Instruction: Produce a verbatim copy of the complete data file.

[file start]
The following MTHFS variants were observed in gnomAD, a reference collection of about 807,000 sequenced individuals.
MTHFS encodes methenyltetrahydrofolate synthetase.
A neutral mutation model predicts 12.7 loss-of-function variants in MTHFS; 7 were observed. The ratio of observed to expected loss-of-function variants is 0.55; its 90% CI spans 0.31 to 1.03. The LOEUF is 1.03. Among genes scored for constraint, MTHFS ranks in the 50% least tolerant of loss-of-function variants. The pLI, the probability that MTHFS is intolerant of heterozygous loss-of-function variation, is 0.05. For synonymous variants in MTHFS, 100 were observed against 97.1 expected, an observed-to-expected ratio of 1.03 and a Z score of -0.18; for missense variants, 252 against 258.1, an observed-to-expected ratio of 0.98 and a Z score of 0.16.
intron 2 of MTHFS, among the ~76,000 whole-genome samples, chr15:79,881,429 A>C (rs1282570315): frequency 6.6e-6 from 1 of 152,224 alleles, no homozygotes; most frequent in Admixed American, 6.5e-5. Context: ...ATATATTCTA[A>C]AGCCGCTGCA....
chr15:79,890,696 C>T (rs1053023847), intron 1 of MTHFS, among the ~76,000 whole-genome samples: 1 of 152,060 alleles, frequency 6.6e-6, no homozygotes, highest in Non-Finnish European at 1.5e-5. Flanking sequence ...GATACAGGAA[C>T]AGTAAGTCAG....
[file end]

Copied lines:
The following MTHFS variants were observed in gnomAD, a reference collection of about 807,000 sequenced individuals.
MTHFS encodes methenyltetrahydrofolate synthetase.
A neutral mutation model predicts 12.7 loss-of-function variants in MTHFS; 7 were observed. The ratio of observed to expected loss-of-function variants is 0.55; its 90% CI spans 0.31 to 1.03. The LOEUF is 1.03. Among genes scored for constraint, MTHFS ranks in the 50% least tolerant of loss-of-function variants. The pLI, the probability that MTHFS is intolerant of heterozygous loss-of-function variation, is 0.05. For synonymous variants in MTHFS, 100 were observed against 97.1 expected, an observed-to-expected ratio of 1.03 and a Z score of -0.18; for missense variants, 252 against 258.1, an observed-to-expected ratio of 0.98 and a Z score of 0.16.
intron 2 of MTHFS, among the ~76,000 whole-genome samples, chr15:79,881,429 A>C (rs1282570315): frequency 6.6e-6 from 1 of 152,224 alleles, no homozygotes; most frequent in Admixed American, 6.5e-5. Context: ...ATATATTCTA[A>C]AGCCGCTGCA....
chr15:79,890,696 C>T (rs1053023847), intron 1 of MTHFS, among the ~76,000 whole-genome samples: 1 of 152,060 alleles, frequency 6.6e-6, no homozygotes, highest in Non-Finnish European at 1.5e-5. Flanking sequence ...GATACAGGAA[C>T]AGTAAGTCAG....